Aerial photo by Marinas.com more images are available
Photo by Hywel Williams
Photo Alan Swain
Looking towards the Windmill Photo by Pam Frey
View of lighthouse from Coastal Path Photo by Phillip Halling
Whilst the White Cliffs of Dover offer an attractive and inspiring sight from the land, by sea they are a perilous affair. Britain's oldest known shipwreck, a Bronze Age ship from around 31 centuries ago carrying axe-heads, is located near the eastern arm of Dover Harbour and many more wrecks were to follow its fate.
At first beacons were lit along the cliff top to warn mariners away from the cliffs and the treacherous Goodwin Sands, the Romans replaced these with lighthouses to guide sailors into port. The remains of one now forms part of the church in Dover Castle.
The National Trust say that records show that a light was first displayed from the cliffs in 1367.
The first more modern lighthouses on this site were here in 1793, but the two that still survive today are the low from 1793 and high 1843.
The low lighthouse went out of service in 1910, while the high continued in use until 1988.
It is the high lighthouse that we are looking at in detail here, and the low is covered in summary at the bottom of this page. The tower of the low, but not its houses, survive, and low is not open to the public.
The South Foreland High, or Langdon Cliffs Lighthouse helped mariners navigate into port for more than 300 years until it was closed. It is now owned by the National Trust and open to visitors.
Records state that the lighthouse was the first lighthouse, in December 1858, to show an electrically powered light. Another National Trust owned lighthouse, Souter Point Lighthouse, was the first to be built to use electricity in 1871.
The South Foreland was not just the first lighthouse to be powered by electricity but also the site of the first international radio transmission.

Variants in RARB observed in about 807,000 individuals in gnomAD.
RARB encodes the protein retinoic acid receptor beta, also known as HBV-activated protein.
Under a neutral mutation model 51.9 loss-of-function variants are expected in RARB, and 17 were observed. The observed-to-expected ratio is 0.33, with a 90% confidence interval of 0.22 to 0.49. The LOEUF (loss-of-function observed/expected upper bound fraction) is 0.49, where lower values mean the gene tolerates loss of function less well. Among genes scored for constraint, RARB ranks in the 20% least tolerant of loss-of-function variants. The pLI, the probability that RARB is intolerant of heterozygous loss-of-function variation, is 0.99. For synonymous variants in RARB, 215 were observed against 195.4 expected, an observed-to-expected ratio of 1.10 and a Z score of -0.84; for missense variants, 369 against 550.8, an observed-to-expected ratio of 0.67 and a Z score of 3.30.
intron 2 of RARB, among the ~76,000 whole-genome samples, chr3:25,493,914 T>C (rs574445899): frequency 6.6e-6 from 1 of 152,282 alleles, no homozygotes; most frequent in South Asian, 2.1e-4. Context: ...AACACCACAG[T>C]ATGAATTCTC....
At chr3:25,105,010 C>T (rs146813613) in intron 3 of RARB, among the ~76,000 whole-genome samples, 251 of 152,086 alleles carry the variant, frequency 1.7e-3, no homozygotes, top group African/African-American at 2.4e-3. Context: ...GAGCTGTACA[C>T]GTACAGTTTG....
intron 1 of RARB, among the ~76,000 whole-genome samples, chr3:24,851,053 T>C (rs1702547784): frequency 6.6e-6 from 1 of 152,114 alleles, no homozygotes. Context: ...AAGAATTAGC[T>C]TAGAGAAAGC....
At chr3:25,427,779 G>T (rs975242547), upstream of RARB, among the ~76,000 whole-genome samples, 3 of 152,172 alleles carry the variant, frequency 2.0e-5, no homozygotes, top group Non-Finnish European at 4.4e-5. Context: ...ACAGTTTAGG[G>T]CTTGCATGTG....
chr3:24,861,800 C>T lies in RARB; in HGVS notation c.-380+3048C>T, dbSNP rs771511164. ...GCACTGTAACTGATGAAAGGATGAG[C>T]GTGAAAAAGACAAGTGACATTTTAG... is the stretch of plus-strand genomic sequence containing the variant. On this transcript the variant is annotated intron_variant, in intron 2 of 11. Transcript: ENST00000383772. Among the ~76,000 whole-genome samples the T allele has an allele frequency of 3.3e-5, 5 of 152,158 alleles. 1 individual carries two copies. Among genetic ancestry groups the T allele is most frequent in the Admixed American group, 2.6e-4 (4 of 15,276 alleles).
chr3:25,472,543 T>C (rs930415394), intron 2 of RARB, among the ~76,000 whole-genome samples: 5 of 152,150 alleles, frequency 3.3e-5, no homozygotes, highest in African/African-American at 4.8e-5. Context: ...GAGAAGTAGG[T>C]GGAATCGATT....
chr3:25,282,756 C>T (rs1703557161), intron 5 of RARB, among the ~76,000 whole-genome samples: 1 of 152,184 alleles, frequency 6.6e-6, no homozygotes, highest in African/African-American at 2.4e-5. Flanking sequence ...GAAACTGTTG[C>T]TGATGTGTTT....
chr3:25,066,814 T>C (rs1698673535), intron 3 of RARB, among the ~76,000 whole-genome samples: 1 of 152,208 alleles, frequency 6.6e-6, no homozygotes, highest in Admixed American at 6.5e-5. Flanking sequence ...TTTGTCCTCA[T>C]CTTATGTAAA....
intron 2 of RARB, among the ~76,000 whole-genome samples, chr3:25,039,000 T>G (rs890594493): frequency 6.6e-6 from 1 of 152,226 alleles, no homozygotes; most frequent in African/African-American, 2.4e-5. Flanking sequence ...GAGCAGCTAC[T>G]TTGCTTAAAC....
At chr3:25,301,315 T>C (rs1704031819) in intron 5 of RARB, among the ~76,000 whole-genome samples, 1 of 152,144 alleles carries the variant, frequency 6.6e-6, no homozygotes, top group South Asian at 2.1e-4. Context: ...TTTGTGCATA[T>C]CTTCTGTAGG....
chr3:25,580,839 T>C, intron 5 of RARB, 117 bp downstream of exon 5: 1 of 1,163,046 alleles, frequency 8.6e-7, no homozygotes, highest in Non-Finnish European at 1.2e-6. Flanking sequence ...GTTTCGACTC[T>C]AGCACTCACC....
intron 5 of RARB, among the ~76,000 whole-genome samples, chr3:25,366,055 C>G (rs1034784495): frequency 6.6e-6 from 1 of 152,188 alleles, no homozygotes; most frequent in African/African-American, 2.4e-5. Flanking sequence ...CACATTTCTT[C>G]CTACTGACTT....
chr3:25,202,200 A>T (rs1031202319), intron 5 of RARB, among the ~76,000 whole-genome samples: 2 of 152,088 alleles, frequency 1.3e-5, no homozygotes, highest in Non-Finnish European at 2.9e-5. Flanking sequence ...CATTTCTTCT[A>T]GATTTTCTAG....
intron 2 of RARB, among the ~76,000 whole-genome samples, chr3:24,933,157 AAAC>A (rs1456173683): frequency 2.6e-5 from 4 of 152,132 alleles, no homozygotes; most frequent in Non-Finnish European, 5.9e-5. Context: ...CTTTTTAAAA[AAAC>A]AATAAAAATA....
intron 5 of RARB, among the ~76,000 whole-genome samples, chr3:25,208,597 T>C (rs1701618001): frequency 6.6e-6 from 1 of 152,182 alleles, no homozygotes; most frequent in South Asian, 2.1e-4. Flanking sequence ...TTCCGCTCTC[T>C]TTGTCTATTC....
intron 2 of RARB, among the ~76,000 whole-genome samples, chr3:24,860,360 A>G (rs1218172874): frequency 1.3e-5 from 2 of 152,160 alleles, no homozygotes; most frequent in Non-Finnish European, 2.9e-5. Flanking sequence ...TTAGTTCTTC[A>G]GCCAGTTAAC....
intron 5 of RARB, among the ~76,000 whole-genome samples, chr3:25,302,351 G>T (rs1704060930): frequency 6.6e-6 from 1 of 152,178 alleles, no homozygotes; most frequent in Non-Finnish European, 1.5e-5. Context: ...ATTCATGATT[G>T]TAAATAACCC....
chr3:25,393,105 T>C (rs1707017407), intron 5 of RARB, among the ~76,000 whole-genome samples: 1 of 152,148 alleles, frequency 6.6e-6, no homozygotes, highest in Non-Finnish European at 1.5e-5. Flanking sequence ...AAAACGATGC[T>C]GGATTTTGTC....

The South Foreland Lighthouse was the recipient of the world's first ship-to-shore transmission on Christmas Eve, 1898, when Guglielmo Marconi succeeded in contacting the lightship 'Goodwin Sands', nine miles off shore, using his newly invented radio equipment, which later proved its use when it alerted the lifeboats at Ramsgate to a ship in distress, the first time a lifeboat was alerted by telegraph. Again in 1899 the lighthouse set another first when it exchanged wireless messages across the Channel to Wimereux near Boulogne in France.
More recently it was the landing place for the rocket man who came across the English Channel with a wing on his back.
This distinctive, historic landmark has unrivalled views well worth the walk along the White Cliffs.
The light is now fully functional, although no longer in use, it has an operational 1° Fresnel lens mounted in the lantern. In 2004 the rotating mechanism of the lens was restored and returned to the tower, the task of getting the large, 200kg mechanism up hundreds of spiral stairs to the lamp room, with little room to spare was handed by 1st Parachute Regiment, from Dover's Connaught Barracks. Then engineers reconnected cables and weights for the optic to rotate again using the original clockwork system - similar to that of a grandfather clock but larger. The weights, weighing a quarter of a tonne, need to be wound up by hand each hour.
Looking from above we can use Google satellite view to locate it.
Old Images - What they looked like soon after 1900
An old postcard showing the upper light
This shows the lower light was a similar design, just much shorter
The Low lighthouse was also always very near the top of the cliff,
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